<p> We propose to develop a new highly sensitive instrument to confirm the existence of the so-called nano-dust particles, characterize their impact parameters, and measure their chemical composition. Simultaneous theoretical studies will be used to derive the expected&nbsp; mass and velocity ranges of these putative particles to formulate science and measurement requirements for the future deployment of&nbsp; the proposed Nano-Dust Analyzer (NDA)&nbsp;</p> <p> Early dust instruments onboard Pioneer 8 and 9 and Helios spacecraft detected a flow of submicron sized dust particles coming from the direction of the Sun. These particles originate in the inner solar system from mutual collisions among meteoroids and move on&nbsp; hyperbolic orbits that leave the Solar System under the prevailing radiation pressure force. Later dust instruments with higher&nbsp; sensitivity had to avoid looking toward the Sun because of interference from the solar wind and UV radiation and thus contributed&nbsp; little to the characterization of the dust stream. The one exception is the Ulysses dust detector that observed escaping dust particles&nbsp; high above the solar poles, which confirm the suspicion that charged nanometer sized dust grains are carried to high heliographic&nbsp; latitudes by electromagnetic interactions with the Interplanetary Magnetic Field (IMF). Recently, the STEREO WAVES instruments&nbsp; recorded a large number of intense electric field signals, which were interpreted as impacts from nanometer sized particles striking the&nbsp; spacecraft with velocities of about the solar wind speed. This high flux and strong spatial and/or temporal variations of nanometer&nbsp; sized dust grains at low latitude appears to be uncorrelated with the solar wind properties. This is a mystery as it would require that&nbsp; the total collisional meteoroid debris inside 1 AU is cast in nanometer sized fragments. The observed fluxes of inner-source pickup ions&nbsp; also point to the existence of a much enhanced dust population in the nanometer size range.&nbsp;</p> <p> This new heliospherical phenomenon of nano-dust streams may have consequences throughout the planetary system, but as of yet no dust instrument exists that could be used to shed light on their properties. &nbsp;We propose to develop a dust analyzer capable to detect and&nbsp; analyze these mysterious dust particles coming from the solar direction and to embark upon complementary theoretical studies to&nbsp; understand their characteristics. The instrument is based on the Cassini Dust Analyzer (CDA) that has analyzed the composition of&nbsp; nanometer sized dust particles emanating from the Jovian and Saturnian systems but could not be pointed towards the Sun. By&nbsp; applying technologies implemented in solar wind instruments and coronagraphs a highly sensitive dust analyzer will be developed and&nbsp; tested in the laboratory. The dust analyzer shall be able to characterize impact properties (impact charge and energy distribution of&nbsp; ions from which mass and speed of the impacting grains may be derived) and chemical composition of individual nanometer sized&nbsp; particles while exposed to solar wind and UV radiation. The measurements will enable us to identify the source of the dust by&nbsp; comparing their elemental composition with that of larger micrometeoroid particles of cometary and asteroid origin and will reveal&nbsp; interaction of nano-dust with the interplanetary medium by investigating the relation of the dust flux with solar wind and IMF&nbsp; properties.&nbsp;</p> <p> Complementary theoretically studies will be performed to understand the characteristics of nano-dust particles at 1 AU to answer the&nbsp; following questions:&nbsp; - What is the speed range at which nanometer sized particles impact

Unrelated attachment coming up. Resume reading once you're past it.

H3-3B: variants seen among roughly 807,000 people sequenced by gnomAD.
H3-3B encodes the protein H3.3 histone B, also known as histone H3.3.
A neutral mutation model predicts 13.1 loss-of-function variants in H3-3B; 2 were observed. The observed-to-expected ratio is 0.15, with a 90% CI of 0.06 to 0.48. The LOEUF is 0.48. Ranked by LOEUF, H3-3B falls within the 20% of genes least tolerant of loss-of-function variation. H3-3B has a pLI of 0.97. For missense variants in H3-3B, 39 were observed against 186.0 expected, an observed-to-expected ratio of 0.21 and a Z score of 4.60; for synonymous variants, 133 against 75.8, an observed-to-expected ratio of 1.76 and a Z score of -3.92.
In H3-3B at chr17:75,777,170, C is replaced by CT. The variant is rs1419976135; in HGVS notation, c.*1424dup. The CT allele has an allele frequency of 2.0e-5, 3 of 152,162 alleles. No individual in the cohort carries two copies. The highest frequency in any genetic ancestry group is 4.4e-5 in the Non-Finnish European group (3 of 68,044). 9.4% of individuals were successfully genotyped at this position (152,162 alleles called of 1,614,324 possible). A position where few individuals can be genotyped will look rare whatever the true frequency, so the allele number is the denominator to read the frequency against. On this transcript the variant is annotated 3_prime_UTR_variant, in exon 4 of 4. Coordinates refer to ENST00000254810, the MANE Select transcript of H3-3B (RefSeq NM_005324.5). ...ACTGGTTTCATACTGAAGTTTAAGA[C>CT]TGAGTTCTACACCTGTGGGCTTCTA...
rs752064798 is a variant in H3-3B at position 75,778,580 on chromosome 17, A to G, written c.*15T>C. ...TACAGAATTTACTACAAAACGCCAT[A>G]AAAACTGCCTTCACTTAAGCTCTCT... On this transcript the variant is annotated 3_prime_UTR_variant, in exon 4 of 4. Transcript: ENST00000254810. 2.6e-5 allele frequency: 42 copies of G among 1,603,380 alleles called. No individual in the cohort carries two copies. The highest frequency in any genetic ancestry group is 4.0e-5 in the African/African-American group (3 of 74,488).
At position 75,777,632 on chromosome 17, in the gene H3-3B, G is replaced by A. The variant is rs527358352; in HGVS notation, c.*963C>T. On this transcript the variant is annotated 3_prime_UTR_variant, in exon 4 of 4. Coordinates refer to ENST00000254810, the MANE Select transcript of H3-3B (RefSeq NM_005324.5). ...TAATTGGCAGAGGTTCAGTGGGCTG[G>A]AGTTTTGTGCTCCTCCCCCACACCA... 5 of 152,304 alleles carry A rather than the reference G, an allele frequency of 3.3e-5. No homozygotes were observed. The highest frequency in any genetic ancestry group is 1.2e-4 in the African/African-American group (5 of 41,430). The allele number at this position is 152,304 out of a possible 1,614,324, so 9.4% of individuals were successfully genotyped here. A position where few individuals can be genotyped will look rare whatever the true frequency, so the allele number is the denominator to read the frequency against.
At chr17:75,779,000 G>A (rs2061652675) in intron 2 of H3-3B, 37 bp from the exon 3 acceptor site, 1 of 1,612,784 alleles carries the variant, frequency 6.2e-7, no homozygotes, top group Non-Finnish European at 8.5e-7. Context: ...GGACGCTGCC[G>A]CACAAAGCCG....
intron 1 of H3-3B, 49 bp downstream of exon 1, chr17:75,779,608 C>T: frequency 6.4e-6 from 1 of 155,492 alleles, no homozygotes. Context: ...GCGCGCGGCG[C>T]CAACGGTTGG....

- API data.nasa.gov | Last Updated 2018-07-19T17:47:39.000Z
UNDERSTANDING SEVERE WEATHER PROCESSES THROUGH SPATIOTEMPORAL RELATIONAL RANDOM FORESTS AMY MCGOVERN, TIMOTHY SUPINIE, DAVID JOHN GAGNE II, NATHANIEL TROUTMAN, MATTHEW COLLIER, RODGER A. BROWN, JEFFREY BASARA, AND JOHN K. WILLIAMS Abstract. Major severe weather events can cause a significant loss of life and property. We seek to revolutionize our understanding of and ability to predict such events through the mining of severe weather data. Because weather is inherently a spatiotemporal phenomenon, mining such data requires a model capable of representing and reasoning about complex spatiotemporal dynamics, including temporally and spatially varying attributes and relationships. We introduce an augmented version of the Spatiotemporal Relational Random Forest, which is a Random Forest that learns with spatiotemporally varying relational data. Our algorithm maintains the strength and performance of Random Forests but extends their applicability, including the estimation of variable importance, to complex spatiotemporal relational domains. We apply the augmented Spatiotemporal Relational Random Forest to three severe weather data sets. These are: predicting atmospheric turbulence across the continental United States, examining the formation of tornadoes near strong frontal boundaries, and understanding the translation of drought across the southern plains of the United States. The results on such a wide variety of real-world domains demonstrate the extensive applicability of the Spatiotemporal Relational Random Forest. Our long-term goal is to significantly improve the ability to predict and warn about severe weather events.